Location: Southern California
Big Trip to Washington, Vancouver Island and British Columbia
So Cal Day Trips
2012 Suzuki DL1000 V Strom
2007 Suzuki GS500f - Don't underestimate (and don't take it in loose rocks!)
2004 Suzuki LS650 "Savage" - Either stolen or ran away from home.
|07-10-2013, 09:40 AM||#11|
Joined: Feb 2008
Location: Playing Hooky
Mine's an '09 - but doubt there's many differences.
Still not quite as comfortable or sure-footed as my TDM was - but very capable and reliable - and the engine runs fine across a wide elevation range, unlike the TDM
|07-10-2013, 11:03 AM||#12|
Joined: Feb 2008
Location: Playing Hooky
Day 6 - June 20
Up at 4:30 local time with early sun.
First rays of sun through the trees hitting the VStrom at 4:30 AM as I pack up. [Canon SX130]
Slept ok, wasn't cold. Usual breakfast then pack up, on the road by 7 am.
Junction 37 looks unchanged - there's a car at the abandoned weigh station, looks like camping. Fuel at Nugget City then on towards Teslin.
Hands getting cold. Pull off and add down shirt which helps but pretty chilly when I reach Rancheria.
Rancheria is looking pretty busy these days - compared to 5 years ago, they've done a bunch of renovations on the little restaurant, and have some motel rooms. It looked like they were pretty much at full capacity, with road work crews and tourists, including (so the owner said) some bus tours stopping - and eating all the home made pie. Everyone always seems very friendly at Rancheria.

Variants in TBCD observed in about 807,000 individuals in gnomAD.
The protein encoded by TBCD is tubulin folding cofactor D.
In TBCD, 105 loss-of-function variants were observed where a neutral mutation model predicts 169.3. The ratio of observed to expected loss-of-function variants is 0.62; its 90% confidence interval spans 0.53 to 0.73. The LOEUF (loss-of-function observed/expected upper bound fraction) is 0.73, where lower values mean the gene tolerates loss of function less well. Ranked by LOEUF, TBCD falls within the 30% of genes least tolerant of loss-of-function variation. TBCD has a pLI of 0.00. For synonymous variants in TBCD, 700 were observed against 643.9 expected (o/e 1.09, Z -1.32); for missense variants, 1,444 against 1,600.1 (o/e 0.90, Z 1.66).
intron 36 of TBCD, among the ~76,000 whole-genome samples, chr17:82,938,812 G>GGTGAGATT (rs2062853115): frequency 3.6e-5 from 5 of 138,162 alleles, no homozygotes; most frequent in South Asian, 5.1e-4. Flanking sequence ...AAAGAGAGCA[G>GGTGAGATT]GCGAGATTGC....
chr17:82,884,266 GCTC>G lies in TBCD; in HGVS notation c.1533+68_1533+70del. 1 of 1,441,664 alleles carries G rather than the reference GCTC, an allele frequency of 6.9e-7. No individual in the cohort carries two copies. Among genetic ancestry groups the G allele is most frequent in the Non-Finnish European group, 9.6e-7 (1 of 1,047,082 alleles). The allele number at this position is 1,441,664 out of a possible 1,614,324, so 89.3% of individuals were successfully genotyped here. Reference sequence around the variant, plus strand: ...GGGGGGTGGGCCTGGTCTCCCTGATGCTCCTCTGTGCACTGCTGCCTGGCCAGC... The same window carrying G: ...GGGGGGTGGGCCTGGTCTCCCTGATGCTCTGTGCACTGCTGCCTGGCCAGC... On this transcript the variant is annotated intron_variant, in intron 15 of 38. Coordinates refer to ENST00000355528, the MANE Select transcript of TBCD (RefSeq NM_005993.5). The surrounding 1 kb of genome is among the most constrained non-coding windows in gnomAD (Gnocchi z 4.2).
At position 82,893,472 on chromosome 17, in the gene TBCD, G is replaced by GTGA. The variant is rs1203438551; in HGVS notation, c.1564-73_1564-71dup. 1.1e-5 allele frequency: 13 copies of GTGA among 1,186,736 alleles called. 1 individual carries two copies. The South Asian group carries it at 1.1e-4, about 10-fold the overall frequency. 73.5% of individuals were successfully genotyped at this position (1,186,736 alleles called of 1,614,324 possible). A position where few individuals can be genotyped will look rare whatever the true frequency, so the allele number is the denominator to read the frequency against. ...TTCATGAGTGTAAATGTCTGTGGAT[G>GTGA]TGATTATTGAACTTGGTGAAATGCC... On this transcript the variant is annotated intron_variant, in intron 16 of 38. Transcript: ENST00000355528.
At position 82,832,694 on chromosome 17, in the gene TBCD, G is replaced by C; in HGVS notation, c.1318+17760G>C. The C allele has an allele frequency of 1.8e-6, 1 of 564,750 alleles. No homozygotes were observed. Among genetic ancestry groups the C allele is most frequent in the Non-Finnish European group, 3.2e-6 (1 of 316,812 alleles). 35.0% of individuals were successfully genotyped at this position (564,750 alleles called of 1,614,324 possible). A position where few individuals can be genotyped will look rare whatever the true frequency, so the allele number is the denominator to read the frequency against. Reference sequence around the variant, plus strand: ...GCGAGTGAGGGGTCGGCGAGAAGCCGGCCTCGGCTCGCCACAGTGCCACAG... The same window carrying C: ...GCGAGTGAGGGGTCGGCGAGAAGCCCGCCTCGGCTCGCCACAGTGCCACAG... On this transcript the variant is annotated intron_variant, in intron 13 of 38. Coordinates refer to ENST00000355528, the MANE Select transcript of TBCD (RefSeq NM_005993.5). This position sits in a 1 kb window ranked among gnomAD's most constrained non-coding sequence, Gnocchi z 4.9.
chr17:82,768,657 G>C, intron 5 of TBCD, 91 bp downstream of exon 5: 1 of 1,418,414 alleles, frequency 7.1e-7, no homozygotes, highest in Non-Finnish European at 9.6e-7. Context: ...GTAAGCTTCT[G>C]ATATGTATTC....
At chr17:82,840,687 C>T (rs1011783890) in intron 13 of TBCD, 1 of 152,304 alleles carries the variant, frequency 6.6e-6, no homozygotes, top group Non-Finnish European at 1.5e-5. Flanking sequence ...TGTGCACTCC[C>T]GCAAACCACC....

Stop for a coffee and gas. Contemplate grip heaters - put them on.
Refuel in Teslin.
Among other things, Teslin is famous for its bridge. Many of the bridge decks in northern BC and the Yukon are metal grid - lightweight, strong, easy for snow to melt and fall through. It's also very unstable for a motorcycle - thus the ubiquitous Sign of the Shaky Motorcyclist: [Canon SX130]
(Actually, the Yukon has two distinct types of Shaky Motorcyclist sign; there's a different one indicating rough gravel too. Unfortunately I didn't think to stop and get the photo of that one, to have a complete set.) How challenging the deck is, depends on the particulars of the metal grid. Some use a sort of diamond lattice with all metal sections at the same height; these seem to be fine to ride across, with good control. Others - in particular the Teslin bridge (built in 1944, it's the longest bridge on the Alaska highway - 1466 feet of cantilevered steel) have a rectangular grid - and have the longitudinal metal stringers, higher than the cross stringers. This results effectively in "channels" which motorcycle tires fall in to, and if your front drops into a different channel than the rear, it gets very wobbly! To make matters worse, the side rail on the bridge are quite low; if you somehow wobbled over into them, it looks rather like you'd just go over the side. Oh, and, the bridge is rather narrow. So, best approach is hazards on, feet down, first gear, and hope for no oncoming traffic. Here's a shot of the bridge: [Canon SX130]